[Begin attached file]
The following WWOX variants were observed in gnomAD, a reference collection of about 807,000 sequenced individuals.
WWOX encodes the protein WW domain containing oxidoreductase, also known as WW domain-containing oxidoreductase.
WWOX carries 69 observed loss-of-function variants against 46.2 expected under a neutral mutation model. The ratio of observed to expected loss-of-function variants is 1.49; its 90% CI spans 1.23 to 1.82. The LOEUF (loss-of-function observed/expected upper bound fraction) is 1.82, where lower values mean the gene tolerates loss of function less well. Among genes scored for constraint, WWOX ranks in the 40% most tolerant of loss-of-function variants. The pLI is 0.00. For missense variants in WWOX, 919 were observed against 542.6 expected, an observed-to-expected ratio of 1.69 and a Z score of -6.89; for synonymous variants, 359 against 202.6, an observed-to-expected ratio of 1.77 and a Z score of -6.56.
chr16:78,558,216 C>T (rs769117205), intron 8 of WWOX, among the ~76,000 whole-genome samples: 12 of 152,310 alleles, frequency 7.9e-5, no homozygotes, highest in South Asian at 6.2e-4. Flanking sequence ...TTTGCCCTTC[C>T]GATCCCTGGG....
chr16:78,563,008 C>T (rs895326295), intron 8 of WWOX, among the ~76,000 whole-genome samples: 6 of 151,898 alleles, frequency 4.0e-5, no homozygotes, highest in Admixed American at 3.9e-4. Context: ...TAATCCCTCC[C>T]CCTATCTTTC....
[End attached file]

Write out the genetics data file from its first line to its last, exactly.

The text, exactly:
The following WWOX variants were observed in gnomAD, a reference collection of about 807,000 sequenced individuals.
WWOX encodes the protein WW domain containing oxidoreductase, also known as WW domain-containing oxidoreductase.
WWOX carries 69 observed loss-of-function variants against 46.2 expected under a neutral mutation model. The ratio of observed to expected loss-of-function variants is 1.49; its 90% CI spans 1.23 to 1.82. The LOEUF (loss-of-function observed/expected upper bound fraction) is 1.82, where lower values mean the gene tolerates loss of function less well. Among genes scored for constraint, WWOX ranks in the 40% most tolerant of loss-of-function variants. The pLI is 0.00. For missense variants in WWOX, 919 were observed against 542.6 expected, an observed-to-expected ratio of 1.69 and a Z score of -6.89; for synonymous variants, 359 against 202.6, an observed-to-expected ratio of 1.77 and a Z score of -6.56.
chr16:78,558,216 C>T (rs769117205), intron 8 of WWOX, among the ~76,000 whole-genome samples: 12 of 152,310 alleles, frequency 7.9e-5, no homozygotes, highest in South Asian at 6.2e-4. Flanking sequence ...TTTGCCCTTC[C>T]GATCCCTGGG....
chr16:78,563,008 C>T (rs895326295), intron 8 of WWOX, among the ~76,000 whole-genome samples: 6 of 151,898 alleles, frequency 4.0e-5, no homozygotes, highest in Admixed American at 3.9e-4. Context: ...TAATCCCTCC[C>T]CCTATCTTTC....